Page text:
| January 23, 2014

Over the course of thousands of years, certain women stand out as famed seductresses. These women were intelligent, talented, and could talk anyone into whatever they wanted. They were leaders, spies, sex symbols, and cultural icons. And now, here they are for your enjoyment.


This Egyptian pharaoh seduced the likes of Julius Cesar and Mark Antony, leaders of the most powerful empire in the world at that time. Cleopatra is especially remembered for the way she met Cesar: she rolled herself inside a carpet and had herself delivered into his personal chambers. Now that takes some serious sass.

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Catherine the Great

This Russian Empress (inarguably the most famous of all the Russian women who ruled) took many lovers over the years. Her amorous appetite was so great that it gave birth to the famed horse-rumor (which has since been debunked). She was known for keeping lovers only so long as they entertained her, and then discarding them with gifts of lands, titles and serfs.

Violet Gordon-Woodhouse

This prim and proper English lady was a renowned harpsichordist … who also happened to live in a ménage-à-cinq (yeah, that's four men plus Violet, all under one roof). Her four "husbands," only one of whom was legal, were apparently a happy bunch, not at all minding sharing one woman. According to William Barrington (one of the four), the one time any of them argued was over a cricket match.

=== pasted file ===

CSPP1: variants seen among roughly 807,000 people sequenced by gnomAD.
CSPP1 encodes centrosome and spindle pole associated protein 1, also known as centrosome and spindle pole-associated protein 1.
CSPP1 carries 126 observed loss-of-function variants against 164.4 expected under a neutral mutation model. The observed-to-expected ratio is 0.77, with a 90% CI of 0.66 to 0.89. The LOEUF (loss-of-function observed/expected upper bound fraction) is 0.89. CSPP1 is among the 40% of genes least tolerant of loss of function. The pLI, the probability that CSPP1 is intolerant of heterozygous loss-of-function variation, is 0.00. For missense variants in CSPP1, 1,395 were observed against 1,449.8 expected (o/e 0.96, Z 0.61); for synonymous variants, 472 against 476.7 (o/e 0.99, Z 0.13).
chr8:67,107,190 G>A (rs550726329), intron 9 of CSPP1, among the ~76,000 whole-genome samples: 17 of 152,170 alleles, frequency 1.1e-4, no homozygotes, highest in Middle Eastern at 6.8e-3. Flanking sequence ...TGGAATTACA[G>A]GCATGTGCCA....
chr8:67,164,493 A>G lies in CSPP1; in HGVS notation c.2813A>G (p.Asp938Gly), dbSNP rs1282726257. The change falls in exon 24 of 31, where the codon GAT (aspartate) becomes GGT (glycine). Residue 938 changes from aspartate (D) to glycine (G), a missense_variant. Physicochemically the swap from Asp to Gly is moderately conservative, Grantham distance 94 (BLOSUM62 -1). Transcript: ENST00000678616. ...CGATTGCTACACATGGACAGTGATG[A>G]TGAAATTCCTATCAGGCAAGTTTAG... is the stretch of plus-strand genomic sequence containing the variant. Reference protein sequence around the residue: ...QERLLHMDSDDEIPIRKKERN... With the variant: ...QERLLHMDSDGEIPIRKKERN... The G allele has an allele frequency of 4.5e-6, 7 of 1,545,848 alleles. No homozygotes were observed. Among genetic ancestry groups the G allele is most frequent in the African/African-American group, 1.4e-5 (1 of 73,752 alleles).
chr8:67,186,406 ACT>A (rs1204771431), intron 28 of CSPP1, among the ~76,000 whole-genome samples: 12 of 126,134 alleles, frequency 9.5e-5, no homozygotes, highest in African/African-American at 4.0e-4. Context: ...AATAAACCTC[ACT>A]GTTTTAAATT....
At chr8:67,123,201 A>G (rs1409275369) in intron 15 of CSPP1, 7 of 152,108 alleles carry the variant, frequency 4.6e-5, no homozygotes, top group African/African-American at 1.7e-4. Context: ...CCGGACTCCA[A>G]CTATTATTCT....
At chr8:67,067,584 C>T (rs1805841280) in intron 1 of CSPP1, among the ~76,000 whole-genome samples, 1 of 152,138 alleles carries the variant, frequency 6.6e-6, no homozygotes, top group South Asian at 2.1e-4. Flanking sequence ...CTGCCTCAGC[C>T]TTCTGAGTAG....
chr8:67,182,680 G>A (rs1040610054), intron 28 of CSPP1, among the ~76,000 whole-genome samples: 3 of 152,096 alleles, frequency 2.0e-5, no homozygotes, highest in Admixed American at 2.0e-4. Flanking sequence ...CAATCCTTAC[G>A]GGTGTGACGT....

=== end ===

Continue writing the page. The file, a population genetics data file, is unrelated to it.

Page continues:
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Mata Hari

This Dutch exotic dancer became the toast of Paris in the early 1900s for her proactive dance style. The attention led her to become the mistress of many powerful men, and her travels with them took her all over Europe. As WWI broke out, she used her natural eroticism and allure to seduce secrets as a German spy, code named H-21. Unfortunately for Mata Hari, she was eventually caught, convicted and executed by the French.

Wallis Simpson

This thrice-married American socialite seduced a king away from his throne. When Simpson met Prince Edward VIII of England in the early 1930s, she was already married to her second husband. They became lovers in 1934, and his devotion to her was absolute. When Edward ascended to the throne in January of 1936, the clock began running on his reign. As he couldn't rule and be married to a twice-divorced woman, Edward chose to abdicate the throne in December of that same year. Edward abdicated after less than a year as king, and Wallis had her man. They became the Duke and Duchess of Windsor, and Edward was succeeded by his brother George VI.

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Anaïs Nin

This legendary writer is remembered for her affairs as much as for her work. She seduced her husbands (both of them — that’s right, she was polygamous) along with Henry Miller, and it's rumored she even seduced Miller's wife June, though that is often a subject of debate. Though married in 1923 to Hugh Guiler, Nin fell in love and entered a second marriage with Rupert Pole, traveling back and forth between New York and California, lying madly to maintain the ruse.

Marilyn Monroe

And finally, we come to the most well known American seductress of the 20th century. Monroe seduced JFK with just her voice, singing Happy Birthday to him in 1962. Their affair was brief, but intense. She entranced everyone from athletes to playwrights to politicians, and is remembered for her raw sexuality.

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